Selection 1: Creole Girl (Poindexter)
Selection 2: French Market (Poindexter)
Encore: (Hat tip Dean) : Gumbo Filet
Al Grey (trb) Pony Poindexter (ss, as) Booker Ervin (ts) Gildo Mahones (p) George Tucker (b) Jimmie Smith (d) recorded Rudy Van Gelder Studio, Englewood Cliffs, NJ, June 27, 1963
Poindexter Pocket Bio: Brought up in New Orleans, Norwood (“Pony”) Poindexter revisits his roots in this recording peppered with references Louisiana’ distinctive Cajun and Creole culture, originating from its unique Spanish, French and West African cultural heritage. As with many saxophonists, the clarinet was his first instrument before switching to alto and tenor. Poindexter spent much of the Fifties working in big bands, including a spell with Stan Kenton, Billy Eckstine and Lionel Hampton .He was one of the first bebop saxophonists to play soprano saxophone early in the 1960s, joined a few years later by one John Coltrane.
I first came across Poindexter on the excellent “Alto Summit” with Leo Wright, Phil Woods and Lee Konitz (released on MPS) His best known recording remains “Pony Express”, famed for the dazzling array of big name musicians – one I only ever see as a reissue .
In 1963 along with many other American jazz musicians Poindexter moved to Paris; where recorded with other expatriates Phil Woods, Lee Konitz and Leo Wright. He later moved to Spain and then to Mannheim, Germany, and after some years, returned to San Francisco, languishing in relative obscurity until his death in 1988.
A rare 1963 Prestige album with Poindexter leading a creative combination with Booker Ervin, who plays more straight-ahead than on his exploratory “Book” sessions. His distinctive Coltrane-like biting tone contrasts well with Poindexter’s bluesy soprano dancing in the upper registers. The rhythm section provides a solid foundation without holding back Poindexter’s jaunty compositions, which happily fuse latin / creole influences with jazz stylings. An overlooked gem! (Pause, forest of hands go up at the back of the class)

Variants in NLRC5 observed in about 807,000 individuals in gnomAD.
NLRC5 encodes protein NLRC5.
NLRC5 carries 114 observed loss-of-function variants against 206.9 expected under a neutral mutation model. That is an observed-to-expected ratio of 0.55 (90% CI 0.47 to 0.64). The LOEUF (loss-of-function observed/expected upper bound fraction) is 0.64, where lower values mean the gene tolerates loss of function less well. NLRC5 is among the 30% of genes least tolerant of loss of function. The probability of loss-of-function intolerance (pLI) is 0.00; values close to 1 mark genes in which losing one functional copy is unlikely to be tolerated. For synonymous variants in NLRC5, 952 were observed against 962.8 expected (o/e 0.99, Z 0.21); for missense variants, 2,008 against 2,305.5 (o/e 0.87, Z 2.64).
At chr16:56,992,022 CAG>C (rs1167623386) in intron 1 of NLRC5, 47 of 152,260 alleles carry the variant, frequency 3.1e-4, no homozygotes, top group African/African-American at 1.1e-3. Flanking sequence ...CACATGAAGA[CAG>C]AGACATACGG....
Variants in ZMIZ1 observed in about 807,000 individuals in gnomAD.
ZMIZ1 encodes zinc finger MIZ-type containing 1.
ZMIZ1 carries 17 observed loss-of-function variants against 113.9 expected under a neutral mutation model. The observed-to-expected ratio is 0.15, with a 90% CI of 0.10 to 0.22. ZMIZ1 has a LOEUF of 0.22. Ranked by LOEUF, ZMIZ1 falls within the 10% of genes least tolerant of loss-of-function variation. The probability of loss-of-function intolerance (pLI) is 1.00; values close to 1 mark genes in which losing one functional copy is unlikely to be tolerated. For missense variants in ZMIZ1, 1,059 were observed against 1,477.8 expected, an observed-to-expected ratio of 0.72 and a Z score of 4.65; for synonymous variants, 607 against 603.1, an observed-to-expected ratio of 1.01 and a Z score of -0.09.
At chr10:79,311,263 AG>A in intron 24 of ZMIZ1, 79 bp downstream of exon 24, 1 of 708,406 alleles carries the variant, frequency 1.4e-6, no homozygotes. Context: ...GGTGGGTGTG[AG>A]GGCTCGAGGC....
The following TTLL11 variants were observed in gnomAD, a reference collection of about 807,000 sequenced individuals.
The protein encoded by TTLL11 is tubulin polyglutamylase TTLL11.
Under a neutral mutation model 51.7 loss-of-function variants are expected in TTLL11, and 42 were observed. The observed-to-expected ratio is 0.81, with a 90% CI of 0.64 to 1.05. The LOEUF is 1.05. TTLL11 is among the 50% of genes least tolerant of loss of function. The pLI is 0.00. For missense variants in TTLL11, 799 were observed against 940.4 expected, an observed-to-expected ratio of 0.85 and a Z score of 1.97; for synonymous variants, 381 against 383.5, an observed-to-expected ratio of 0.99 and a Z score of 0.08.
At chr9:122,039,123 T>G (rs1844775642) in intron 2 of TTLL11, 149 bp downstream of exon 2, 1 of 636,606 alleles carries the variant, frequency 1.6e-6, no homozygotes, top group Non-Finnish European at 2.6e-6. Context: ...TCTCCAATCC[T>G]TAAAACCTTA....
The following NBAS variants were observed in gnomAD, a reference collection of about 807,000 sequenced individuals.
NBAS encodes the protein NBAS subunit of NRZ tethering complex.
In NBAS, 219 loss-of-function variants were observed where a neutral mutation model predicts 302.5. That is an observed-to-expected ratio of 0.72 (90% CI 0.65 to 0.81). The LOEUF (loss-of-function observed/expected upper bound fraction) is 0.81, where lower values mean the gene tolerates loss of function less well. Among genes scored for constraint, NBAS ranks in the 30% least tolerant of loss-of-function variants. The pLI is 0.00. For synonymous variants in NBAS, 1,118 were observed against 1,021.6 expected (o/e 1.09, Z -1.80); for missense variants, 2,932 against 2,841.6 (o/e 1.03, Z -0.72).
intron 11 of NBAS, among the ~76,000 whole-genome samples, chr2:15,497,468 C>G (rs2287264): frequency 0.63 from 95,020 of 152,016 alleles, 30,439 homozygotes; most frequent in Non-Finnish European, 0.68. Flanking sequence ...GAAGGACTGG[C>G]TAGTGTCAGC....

“Please Sir, we all have the Evil Silver Disc,Sir, with bonus tracks, Sir.
Class dismissed – err, not you lot at the back, remain seated. You are all in detention, starting now, each write 100 lines, “Bonus tracks are the work of the Devil”.
Vinyl: US Prestige PR 16001 = New Jazz NJLP 8297 (not released) mono.
Slated originally for release on the New Jazz label, for some unknown reason it was never issued and appeared for the first time on the Prestige 16000 series, the first of only eight titles in that series..
Source: West London record store
Fortunately there were several dozen copies of this rare title in the shop, covering all permutations of condition between mint and fair, in both mono and stereo, at a range of prices to suit all pockets. Err no, you didn’t believe that did you. There was just the one, I’ve never seen it before or since, and the condition is what it is, take it or leave it.
Though the vinyl condition less than perfect, the music remains well on top and the new TKR cartridge is making considerable strides in de-emphasising faults. Its’ stylus is line contact, a fiendishly expensive micro-engineering design that digs deeper down into the groove than a conventional and a hundred times cheaper stylus. (Typically, that used in making these rips) The vinyl wall towards the bottom of the groove is all-but impervious to surface damage above, giving the stylus superior contact with the profile originally left by the cutting lathe, de-emphasising any later groove-wear, and scratches, which are often consigned to a mere passing tick which though audible, does not interrupt the flow of the music, which clings to your attention like a limpet.
And you thought it was about poncy audiophile jewellery.